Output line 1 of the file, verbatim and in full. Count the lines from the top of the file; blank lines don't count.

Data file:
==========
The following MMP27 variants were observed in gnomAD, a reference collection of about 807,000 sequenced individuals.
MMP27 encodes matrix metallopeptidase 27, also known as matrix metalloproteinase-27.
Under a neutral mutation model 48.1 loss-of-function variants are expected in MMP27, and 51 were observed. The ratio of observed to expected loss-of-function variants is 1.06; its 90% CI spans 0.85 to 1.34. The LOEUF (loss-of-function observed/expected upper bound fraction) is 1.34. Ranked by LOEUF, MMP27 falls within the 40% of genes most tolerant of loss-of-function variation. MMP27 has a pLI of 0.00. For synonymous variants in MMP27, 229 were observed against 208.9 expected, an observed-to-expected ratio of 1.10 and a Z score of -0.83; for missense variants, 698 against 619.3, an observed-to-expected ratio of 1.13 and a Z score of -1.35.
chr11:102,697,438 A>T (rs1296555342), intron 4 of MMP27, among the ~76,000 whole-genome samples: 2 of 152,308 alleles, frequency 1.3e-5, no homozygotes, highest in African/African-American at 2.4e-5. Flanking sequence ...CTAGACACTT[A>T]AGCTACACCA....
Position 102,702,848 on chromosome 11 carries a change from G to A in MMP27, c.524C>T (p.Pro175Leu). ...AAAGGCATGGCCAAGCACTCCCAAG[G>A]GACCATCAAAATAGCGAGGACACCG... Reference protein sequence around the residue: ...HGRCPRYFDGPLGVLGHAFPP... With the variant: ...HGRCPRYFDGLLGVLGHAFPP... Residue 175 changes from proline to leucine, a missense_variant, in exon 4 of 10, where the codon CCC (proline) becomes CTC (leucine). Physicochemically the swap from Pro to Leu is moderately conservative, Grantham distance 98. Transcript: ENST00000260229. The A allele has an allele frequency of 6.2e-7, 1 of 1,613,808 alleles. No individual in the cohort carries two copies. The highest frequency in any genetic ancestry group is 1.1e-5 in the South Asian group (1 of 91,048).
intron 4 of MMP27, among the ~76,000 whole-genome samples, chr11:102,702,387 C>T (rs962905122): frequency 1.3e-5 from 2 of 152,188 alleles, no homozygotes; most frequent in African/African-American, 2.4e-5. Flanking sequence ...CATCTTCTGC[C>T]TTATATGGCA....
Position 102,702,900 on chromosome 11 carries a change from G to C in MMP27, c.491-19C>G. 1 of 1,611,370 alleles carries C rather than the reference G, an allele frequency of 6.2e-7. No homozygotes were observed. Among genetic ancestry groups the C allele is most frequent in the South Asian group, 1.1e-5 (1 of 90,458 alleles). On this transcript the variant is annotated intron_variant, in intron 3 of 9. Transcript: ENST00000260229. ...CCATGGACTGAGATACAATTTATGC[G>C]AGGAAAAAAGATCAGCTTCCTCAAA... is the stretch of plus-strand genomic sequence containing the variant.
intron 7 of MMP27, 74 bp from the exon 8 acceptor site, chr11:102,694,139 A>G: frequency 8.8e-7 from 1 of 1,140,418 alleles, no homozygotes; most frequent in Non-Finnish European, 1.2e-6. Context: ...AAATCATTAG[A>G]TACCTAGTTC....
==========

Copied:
The following MMP27 variants were observed in gnomAD, a reference collection of about 807,000 sequenced individuals.